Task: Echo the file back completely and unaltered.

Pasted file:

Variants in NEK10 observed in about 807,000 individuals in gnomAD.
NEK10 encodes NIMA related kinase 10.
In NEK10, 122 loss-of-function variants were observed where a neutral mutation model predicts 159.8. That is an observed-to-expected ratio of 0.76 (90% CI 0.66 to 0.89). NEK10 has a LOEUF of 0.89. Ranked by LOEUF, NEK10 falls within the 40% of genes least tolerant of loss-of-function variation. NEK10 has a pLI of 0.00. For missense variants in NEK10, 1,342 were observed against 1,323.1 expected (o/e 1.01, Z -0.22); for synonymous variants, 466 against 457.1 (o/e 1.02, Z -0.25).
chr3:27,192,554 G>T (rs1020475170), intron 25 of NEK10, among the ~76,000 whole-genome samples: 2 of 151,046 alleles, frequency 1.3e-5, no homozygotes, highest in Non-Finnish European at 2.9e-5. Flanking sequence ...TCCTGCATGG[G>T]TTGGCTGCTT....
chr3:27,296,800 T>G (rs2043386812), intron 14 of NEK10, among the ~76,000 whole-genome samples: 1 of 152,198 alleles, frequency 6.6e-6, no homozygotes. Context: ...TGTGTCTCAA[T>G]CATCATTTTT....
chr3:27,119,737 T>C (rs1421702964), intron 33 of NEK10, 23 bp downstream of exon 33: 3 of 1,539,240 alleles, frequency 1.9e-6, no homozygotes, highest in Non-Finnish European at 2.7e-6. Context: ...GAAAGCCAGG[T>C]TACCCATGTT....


Variants in NEK10 observed in about 807,000 individuals in gnomAD.
NEK10 encodes NIMA related kinase 10.
In NEK10, 122 loss-of-function variants were observed where a neutral mutation model predicts 159.8. That is an observed-to-expected ratio of 0.76 (90% CI 0.66 to 0.89). NEK10 has a LOEUF of 0.89. Ranked by LOEUF, NEK10 falls within the 40% of genes least tolerant of loss-of-function variation. NEK10 has a pLI of 0.00. For missense variants in NEK10, 1,342 were observed against 1,323.1 expected (o/e 1.01, Z -0.22); for synonymous variants, 466 against 457.1 (o/e 1.02, Z -0.25).
chr3:27,192,554 G>T (rs1020475170), intron 25 of NEK10, among the ~76,000 whole-genome samples: 2 of 151,046 alleles, frequency 1.3e-5, no homozygotes, highest in Non-Finnish European at 2.9e-5. Flanking sequence ...TCCTGCATGG[G>T]TTGGCTGCTT....
chr3:27,296,800 T>G (rs2043386812), intron 14 of NEK10, among the ~76,000 whole-genome samples: 1 of 152,198 alleles, frequency 6.6e-6, no homozygotes. Context: ...TGTGTCTCAA[T>G]CATCATTTTT....
chr3:27,119,737 T>C (rs1421702964), intron 33 of NEK10, 23 bp downstream of exon 33: 3 of 1,539,240 alleles, frequency 1.9e-6, no homozygotes, highest in Non-Finnish European at 2.7e-6. Context: ...GAAAGCCAGG[T>C]TACCCATGTT....